While April was a complete washout in terms of sales for appliances, industry sources say May has been better in comparison to April for the market owing to a combination of factors, including pent-up demand, reopening of online and offline channels
While saving money may be the need of the hour because of the Covid-19 pandemic, consumers, according to a Nielsen
survey, appear willing to set aside some cash for buying durable goods.
The just-released survey says 28 per cent consumers in 12 cities across the country were open to the idea of buying a home appliance in the next few weeks, even as all other discretionary expenditure, including going on a holiday, buying a two-wheeler or a four-wheeler and renovating the house, has been put on hold.
“We wanted to understand what consumers were thinking during the Covid-19 crisis, which coincides with the holiday season,” said Prasun Basu, president, South Asia, Nielsen.
“While travel, renovation and buying durable goods were significant on their agenda before the crisis began in March, now only buying durable products remains on their list,” he added.
say pent-up demand is huge, prompting consumers to not strike off purchasing durables from their itinerary. “The heatwave has been growing in north India. People require cooling products, such as air conditioners
and refrigerators, to tackle the heatwave. Plus, curbs have eased in many states, prompting standalone electronic showrooms to reopen. All this has given consumer sentiment a boost to some extent,” said Kamal Nandi, business head and executive vice president, Godrej Appliances.
While April was a complete washout in terms of sales for appliances, industry sources say May has been better in comparison to April for the market owing to a combination of factors, including pent-up demand, reopening of online and offline channels and the hot weather.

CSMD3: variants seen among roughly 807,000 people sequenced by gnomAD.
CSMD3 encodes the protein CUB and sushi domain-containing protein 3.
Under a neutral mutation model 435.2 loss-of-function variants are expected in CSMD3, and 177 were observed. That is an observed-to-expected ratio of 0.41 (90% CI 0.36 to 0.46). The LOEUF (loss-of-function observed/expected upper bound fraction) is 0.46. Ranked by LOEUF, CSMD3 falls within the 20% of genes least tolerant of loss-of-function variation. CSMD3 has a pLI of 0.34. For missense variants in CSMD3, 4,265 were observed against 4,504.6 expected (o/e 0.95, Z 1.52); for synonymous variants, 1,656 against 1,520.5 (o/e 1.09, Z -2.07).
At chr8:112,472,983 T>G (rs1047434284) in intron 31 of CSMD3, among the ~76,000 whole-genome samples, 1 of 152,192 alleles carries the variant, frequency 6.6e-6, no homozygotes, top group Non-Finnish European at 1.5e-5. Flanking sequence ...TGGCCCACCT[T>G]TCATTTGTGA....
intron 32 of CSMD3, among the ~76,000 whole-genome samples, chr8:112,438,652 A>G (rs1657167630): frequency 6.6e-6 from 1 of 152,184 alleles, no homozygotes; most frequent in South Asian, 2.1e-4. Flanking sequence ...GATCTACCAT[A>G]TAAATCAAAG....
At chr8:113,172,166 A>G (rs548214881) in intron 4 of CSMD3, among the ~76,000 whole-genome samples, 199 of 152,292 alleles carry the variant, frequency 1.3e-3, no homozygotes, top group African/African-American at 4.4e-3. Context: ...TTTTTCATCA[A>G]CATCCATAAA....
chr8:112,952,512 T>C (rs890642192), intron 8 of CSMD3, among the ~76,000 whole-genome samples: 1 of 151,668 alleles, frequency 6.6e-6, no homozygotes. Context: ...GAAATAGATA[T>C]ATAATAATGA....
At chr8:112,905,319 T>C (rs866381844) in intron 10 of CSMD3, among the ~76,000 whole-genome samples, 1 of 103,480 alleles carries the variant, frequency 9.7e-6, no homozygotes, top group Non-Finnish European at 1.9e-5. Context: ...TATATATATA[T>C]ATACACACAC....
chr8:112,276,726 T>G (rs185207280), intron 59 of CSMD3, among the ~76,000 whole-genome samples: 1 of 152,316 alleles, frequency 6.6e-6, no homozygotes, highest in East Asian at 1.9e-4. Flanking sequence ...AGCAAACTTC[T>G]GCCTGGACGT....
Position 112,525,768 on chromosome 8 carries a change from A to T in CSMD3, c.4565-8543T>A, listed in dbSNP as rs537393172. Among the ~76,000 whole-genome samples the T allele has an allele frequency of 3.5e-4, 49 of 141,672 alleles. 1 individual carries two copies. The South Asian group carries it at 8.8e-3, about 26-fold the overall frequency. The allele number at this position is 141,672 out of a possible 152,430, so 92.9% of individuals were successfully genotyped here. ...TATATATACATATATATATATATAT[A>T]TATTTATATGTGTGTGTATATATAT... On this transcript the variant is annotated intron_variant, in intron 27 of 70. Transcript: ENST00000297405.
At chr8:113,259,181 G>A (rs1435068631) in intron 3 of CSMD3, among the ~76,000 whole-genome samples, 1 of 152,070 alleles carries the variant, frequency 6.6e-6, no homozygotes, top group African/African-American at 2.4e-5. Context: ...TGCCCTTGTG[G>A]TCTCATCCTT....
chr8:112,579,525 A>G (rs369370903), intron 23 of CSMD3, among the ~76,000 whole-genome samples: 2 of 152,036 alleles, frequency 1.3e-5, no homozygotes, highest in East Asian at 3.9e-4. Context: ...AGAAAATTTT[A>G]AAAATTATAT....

Sales of durable items have touched 30 per cent of last year’s total in the first three weeks of May, executives at various firms said. And June could see sales rising to 50 per cent, which is reasonable, officials said, given the crisis and the tendency of consumers to conserve cash for tougher days ahead.
“Out of the 4,000 retail outlets we are present in, we have managed to reopen in at least 1,900 or 48 per cent of them,” said Krishan Sachdev, managing director, Carrier
Midea India. “Nearly 70 per cent of retail outlets are now open, except in cities like Kolkata and Mumbai.
Delhi, one of the largest markets in the country, is now open to the extent of 50-60 per cent. While Kerala and Tamil Nadu are steadily picking up in terms of sales,” he said.
E-commerce platforms, such as Amazon
and Flipkart, are already seeing a sharp surge in orders for products ranging from laptops to smartphones, television
sets to washing machines. In a conversation with Business Standard, Avneet Singh Marwah, chief executive officer, Super Plastronics, which makes Thomson and Kodak TVs in the country, said the company had registered 70 per cent more sales via e-commerce this year than last year.
“In offline stores too, especially in tier 2 and 3 towns, sales have surged,” Marwah said. Metros, on the other hand, have been slower in terms of sales offtake mainly because of restricted business hours, he said.
Most durable companies
expect the second half of financial year 2020-21 to be better than the first half, provided there is no second wave of Covid-19 infections. “The challenges we are now seeing in terms of the spread of Covid-19 cases in the country could recede after we cross our peak, which is expected around July. This gives us some hope that the festive season will not be muted this year. Consumption could stage a comeback by then,” Nandi said.